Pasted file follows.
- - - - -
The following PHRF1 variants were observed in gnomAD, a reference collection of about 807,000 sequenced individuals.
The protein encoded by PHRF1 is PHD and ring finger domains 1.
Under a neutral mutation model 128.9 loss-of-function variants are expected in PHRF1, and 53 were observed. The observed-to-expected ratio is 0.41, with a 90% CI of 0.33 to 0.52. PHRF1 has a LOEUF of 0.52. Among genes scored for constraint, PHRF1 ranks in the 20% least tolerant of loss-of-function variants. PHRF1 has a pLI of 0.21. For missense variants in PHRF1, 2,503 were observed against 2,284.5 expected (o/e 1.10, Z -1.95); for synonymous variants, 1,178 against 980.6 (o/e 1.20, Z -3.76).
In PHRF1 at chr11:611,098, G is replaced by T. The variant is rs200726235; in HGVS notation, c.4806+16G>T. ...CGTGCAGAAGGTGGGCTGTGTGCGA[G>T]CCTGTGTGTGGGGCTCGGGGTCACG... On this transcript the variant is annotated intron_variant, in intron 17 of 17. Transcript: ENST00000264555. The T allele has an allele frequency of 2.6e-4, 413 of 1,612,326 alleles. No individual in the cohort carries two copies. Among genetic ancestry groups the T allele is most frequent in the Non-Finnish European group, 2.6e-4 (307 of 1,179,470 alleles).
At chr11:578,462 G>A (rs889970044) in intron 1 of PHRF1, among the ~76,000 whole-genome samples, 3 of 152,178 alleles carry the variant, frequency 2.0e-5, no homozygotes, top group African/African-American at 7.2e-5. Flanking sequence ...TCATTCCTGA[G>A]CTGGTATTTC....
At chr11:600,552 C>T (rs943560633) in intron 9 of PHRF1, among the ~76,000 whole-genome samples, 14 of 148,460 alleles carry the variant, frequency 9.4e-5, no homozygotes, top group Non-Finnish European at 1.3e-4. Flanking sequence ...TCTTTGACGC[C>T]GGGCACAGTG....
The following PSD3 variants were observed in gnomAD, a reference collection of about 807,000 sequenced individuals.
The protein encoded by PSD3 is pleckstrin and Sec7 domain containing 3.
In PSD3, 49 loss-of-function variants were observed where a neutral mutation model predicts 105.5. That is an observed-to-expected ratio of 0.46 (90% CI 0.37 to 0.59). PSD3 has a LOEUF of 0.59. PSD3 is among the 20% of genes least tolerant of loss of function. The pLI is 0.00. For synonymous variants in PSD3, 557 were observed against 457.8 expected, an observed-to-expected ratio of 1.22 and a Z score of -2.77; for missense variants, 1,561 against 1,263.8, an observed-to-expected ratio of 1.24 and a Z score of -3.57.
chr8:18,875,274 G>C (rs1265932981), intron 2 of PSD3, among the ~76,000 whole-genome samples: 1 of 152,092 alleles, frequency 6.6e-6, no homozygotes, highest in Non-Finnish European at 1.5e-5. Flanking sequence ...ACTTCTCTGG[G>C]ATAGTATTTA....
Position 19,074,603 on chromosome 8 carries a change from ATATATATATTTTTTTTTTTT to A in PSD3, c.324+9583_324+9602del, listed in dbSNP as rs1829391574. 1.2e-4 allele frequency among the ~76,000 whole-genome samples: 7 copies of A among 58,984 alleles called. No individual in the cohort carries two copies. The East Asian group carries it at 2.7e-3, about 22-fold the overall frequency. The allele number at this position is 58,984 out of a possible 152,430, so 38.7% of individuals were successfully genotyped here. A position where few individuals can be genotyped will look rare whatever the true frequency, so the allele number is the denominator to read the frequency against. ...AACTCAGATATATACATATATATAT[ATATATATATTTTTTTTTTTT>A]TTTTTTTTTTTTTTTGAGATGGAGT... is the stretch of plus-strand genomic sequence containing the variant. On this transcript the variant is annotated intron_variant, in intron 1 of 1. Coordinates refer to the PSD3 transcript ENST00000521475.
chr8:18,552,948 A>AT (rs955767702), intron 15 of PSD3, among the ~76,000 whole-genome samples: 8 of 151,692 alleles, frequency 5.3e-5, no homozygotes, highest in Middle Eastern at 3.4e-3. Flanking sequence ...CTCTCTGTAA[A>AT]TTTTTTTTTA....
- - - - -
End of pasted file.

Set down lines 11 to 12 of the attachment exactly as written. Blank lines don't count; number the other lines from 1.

Position 19,074,603 on chromosome 8 carries a change from ATATATATATTTTTTTTTTTT to A in PSD3, c.324+9583_324+9602del, listed in dbSNP as rs1829391574. 1.2e-4 allele frequency among the ~76,000 whole-genome samples: 7 copies of A among 58,984 alleles called. No individual in the cohort carries two copies. The East Asian group carries it at 2.7e-3, about 22-fold the overall frequency. The allele number at this position is 58,984 out of a possible 152,430, so 38.7% of individuals were successfully genotyped here. A position where few individuals can be genotyped will look rare whatever the true frequency, so the allele number is the denominator to read the frequency against. ...AACTCAGATATATACATATATATAT[ATATATATATTTTTTTTTTTT>A]TTTTTTTTTTTTTTTGAGATGGAGT... is the stretch of plus-strand genomic sequence containing the variant. On this transcript the variant is annotated intron_variant, in intron 1 of 1. Coordinates refer to the PSD3 transcript ENST00000521475.
chr8:18,552,948 A>AT (rs955767702), intron 15 of PSD3, among the ~76,000 whole-genome samples: 8 of 151,692 alleles, frequency 5.3e-5, no homozygotes, highest in Middle Eastern at 3.4e-3. Flanking sequence ...CTCTCTGTAA[A>AT]TTTTTTTTTA....